(left: Dr.Rattanaxay from the Global Fund, right: head of malaria unit Saravan province)

We traveled to the Saravan Provincial Health Department to meet with the Provincial Director and Malaria unit staff.  We learned that the provincial level emails an Excel spreadsheet to the National level containing their report. While visiting the facility, we also learned that they have a laptop with an internet connection.

Next, we continued on for a 2 hour bumpy ride until we reached the Tomlanh District hospital within the Tomlanh district.

(It was a difficult 2-hour journey to get the the Tomlanh District Hospital)

Once we arrived at the Tomlanh District Hospital, we learned that they had several computers there.  We were told that these computers were rarely used and did not have access to the Internet. It was surprising for us to learn that there was a good 3G connection (through Unitel) within the district hospital compound.  We tested our own 3G modem to load our Resource Map application and found that the speed was quite acceptable.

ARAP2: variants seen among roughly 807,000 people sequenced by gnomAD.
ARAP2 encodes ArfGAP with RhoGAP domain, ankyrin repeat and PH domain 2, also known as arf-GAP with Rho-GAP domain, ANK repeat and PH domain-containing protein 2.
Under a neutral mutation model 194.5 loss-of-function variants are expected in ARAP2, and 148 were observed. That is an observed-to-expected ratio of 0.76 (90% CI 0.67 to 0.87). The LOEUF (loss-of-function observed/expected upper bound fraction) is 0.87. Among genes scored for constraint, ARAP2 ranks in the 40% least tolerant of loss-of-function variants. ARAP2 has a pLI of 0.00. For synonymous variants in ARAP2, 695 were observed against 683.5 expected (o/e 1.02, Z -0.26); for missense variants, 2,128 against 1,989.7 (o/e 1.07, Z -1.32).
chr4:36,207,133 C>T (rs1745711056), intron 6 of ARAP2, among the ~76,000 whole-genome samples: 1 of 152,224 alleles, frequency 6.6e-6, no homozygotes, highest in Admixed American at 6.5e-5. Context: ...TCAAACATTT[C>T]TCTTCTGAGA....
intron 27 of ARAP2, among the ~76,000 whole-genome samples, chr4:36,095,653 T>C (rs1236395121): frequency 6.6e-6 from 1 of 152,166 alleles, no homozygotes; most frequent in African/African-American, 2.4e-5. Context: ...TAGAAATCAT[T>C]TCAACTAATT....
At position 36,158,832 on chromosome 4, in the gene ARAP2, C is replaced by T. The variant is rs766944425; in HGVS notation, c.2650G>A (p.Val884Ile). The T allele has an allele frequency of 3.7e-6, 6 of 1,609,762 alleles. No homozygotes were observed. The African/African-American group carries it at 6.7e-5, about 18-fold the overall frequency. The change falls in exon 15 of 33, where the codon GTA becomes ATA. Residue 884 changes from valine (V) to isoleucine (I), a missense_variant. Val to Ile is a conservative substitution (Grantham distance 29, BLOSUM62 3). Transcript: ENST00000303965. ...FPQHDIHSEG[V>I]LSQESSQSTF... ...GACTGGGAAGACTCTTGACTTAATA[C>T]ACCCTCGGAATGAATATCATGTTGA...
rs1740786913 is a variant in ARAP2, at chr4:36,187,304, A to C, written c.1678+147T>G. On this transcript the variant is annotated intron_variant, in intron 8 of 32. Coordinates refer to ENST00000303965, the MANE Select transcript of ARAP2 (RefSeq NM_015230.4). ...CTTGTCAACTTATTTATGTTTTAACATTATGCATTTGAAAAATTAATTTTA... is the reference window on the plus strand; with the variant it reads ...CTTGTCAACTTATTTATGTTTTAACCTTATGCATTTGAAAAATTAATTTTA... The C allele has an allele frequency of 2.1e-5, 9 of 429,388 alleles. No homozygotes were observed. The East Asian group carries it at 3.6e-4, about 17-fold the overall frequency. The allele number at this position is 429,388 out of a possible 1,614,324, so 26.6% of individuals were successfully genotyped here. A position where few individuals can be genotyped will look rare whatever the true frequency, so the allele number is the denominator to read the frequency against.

(left: Tumlanh district hospital, right: Dr.Rattanaxay (in blue shirt) explaining the system to the district staff)

While we were visiting the district hospital, we were fortunate enough to meet two other health center staff who were on site for another meeting that day.  When we spoke with them, they told us that when the village had a shortage of the malaria drugs and needed to treat patients, the malaria workers were only able to conduct the malaria tests there.  That meant that the patient and had to go the way to the health center in order to receive any treatment.  This was a major problem for the patients in having additional travel while they were sick was very burdensome.